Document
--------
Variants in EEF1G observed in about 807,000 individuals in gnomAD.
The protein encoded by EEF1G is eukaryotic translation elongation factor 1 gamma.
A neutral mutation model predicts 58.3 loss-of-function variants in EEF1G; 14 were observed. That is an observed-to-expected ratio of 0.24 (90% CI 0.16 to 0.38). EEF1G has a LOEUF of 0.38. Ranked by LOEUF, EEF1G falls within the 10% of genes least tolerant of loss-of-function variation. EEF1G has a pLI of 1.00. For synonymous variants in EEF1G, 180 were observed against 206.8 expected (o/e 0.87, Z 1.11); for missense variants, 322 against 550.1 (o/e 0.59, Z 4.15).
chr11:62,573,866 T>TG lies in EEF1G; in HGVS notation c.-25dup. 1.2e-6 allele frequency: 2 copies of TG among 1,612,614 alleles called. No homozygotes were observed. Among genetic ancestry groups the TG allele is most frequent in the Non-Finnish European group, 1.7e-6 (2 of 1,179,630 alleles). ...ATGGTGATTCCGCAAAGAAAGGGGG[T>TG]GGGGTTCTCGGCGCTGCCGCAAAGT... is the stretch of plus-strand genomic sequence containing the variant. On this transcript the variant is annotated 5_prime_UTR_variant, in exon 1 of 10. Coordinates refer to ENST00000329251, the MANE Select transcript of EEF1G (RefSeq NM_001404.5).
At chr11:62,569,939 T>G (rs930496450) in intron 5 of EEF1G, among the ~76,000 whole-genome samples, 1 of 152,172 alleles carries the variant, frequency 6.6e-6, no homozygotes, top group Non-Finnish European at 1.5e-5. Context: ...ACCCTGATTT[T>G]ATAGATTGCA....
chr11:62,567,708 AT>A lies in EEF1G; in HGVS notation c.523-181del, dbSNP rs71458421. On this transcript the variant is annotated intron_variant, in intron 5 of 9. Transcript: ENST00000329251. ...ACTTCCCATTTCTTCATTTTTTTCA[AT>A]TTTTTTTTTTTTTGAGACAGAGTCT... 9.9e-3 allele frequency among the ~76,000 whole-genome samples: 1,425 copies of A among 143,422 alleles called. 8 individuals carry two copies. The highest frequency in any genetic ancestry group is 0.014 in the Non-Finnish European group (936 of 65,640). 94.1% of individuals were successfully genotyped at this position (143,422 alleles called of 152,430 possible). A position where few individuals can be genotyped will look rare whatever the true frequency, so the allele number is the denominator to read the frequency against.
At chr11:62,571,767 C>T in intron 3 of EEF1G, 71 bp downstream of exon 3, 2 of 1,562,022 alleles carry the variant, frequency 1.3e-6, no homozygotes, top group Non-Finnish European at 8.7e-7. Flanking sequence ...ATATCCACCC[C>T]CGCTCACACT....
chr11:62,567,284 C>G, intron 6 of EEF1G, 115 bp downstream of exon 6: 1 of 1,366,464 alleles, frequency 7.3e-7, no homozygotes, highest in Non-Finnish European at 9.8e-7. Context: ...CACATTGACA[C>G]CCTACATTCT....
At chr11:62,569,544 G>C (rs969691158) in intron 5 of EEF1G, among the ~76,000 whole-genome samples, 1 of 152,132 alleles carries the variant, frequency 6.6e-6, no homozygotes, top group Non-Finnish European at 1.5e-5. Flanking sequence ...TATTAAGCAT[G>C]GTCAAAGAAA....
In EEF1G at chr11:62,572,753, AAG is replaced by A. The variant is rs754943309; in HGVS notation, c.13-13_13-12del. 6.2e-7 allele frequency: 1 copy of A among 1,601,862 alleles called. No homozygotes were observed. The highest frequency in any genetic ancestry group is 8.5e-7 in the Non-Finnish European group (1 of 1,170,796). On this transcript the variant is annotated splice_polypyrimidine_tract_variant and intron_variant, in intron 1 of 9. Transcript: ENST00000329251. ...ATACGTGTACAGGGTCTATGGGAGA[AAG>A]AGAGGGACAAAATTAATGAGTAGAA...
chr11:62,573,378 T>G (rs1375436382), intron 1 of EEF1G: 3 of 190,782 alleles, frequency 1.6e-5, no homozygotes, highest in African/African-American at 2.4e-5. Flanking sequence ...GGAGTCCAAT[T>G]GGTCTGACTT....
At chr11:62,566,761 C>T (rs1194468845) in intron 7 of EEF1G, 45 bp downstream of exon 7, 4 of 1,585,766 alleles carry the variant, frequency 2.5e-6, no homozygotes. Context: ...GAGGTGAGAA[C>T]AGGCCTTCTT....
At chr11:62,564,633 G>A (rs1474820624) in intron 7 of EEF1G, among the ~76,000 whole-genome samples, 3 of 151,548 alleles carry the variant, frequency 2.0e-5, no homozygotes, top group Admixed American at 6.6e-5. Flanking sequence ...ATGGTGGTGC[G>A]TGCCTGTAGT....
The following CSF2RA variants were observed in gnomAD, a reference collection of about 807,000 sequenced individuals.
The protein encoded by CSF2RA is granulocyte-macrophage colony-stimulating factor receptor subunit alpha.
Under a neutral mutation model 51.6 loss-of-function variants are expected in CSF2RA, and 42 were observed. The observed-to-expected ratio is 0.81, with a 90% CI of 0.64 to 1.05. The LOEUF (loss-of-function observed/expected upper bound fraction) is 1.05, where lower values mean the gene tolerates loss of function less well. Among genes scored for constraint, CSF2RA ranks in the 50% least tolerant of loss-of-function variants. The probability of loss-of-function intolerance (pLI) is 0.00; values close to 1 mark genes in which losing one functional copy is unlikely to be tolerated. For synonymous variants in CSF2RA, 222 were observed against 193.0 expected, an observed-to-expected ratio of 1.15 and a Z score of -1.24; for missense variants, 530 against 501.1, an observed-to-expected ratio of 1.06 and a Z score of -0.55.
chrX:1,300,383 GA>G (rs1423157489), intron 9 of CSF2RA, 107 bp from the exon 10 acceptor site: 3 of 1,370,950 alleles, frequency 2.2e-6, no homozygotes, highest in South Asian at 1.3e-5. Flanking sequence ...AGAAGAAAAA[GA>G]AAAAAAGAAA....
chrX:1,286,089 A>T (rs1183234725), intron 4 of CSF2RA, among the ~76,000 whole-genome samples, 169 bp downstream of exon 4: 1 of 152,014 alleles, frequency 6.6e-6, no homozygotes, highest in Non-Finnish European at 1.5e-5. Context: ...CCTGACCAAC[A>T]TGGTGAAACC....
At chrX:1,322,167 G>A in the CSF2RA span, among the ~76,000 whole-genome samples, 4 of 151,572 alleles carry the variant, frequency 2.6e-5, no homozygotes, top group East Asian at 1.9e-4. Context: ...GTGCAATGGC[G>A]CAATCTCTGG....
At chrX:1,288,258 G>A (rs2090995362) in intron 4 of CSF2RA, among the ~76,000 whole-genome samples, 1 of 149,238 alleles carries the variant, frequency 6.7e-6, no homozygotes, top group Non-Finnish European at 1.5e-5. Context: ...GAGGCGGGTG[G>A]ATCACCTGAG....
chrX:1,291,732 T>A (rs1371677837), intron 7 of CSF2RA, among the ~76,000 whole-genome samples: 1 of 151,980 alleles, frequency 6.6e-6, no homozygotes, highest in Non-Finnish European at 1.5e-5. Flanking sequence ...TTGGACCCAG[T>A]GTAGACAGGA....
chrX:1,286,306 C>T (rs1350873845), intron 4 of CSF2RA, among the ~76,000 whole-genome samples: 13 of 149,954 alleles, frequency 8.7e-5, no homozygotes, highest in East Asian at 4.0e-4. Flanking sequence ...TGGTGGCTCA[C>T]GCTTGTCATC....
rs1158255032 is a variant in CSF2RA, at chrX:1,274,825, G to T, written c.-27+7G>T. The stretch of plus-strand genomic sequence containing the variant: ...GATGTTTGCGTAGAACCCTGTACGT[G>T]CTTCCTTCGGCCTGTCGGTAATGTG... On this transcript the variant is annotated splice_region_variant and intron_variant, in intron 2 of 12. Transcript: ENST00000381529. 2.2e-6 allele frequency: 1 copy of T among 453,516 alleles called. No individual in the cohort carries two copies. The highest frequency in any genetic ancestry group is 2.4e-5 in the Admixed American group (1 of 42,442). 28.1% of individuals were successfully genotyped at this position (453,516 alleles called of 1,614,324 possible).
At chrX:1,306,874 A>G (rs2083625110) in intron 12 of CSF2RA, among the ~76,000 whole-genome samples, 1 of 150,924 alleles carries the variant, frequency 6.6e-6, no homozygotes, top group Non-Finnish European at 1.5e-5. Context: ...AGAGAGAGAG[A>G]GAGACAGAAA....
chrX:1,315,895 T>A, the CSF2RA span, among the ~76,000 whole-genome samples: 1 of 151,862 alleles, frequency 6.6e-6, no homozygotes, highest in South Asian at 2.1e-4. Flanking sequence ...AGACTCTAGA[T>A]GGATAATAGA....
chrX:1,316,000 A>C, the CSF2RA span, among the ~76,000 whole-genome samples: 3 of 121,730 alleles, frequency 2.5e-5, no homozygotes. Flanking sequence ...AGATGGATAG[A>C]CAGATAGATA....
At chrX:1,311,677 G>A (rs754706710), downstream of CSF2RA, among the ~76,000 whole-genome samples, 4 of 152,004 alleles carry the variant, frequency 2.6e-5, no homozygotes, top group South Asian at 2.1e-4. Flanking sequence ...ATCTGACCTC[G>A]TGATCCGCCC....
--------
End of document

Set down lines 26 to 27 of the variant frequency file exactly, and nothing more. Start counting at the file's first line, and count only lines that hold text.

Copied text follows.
chrX:1,316,000 A>C, the CSF2RA span, among the ~76,000 whole-genome samples: 3 of 121,730 alleles, frequency 2.5e-5, no homozygotes. Flanking sequence ...AGATGGATAG[A>C]CAGATAGATA....
At chrX:1,311,677 G>A (rs754706710), downstream of CSF2RA, among the ~76,000 whole-genome samples, 4 of 152,004 alleles carry the variant, frequency 2.6e-5, no homozygotes, top group South Asian at 2.1e-4. Flanking sequence ...ATCTGACCTC[G>A]TGATCCGCCC....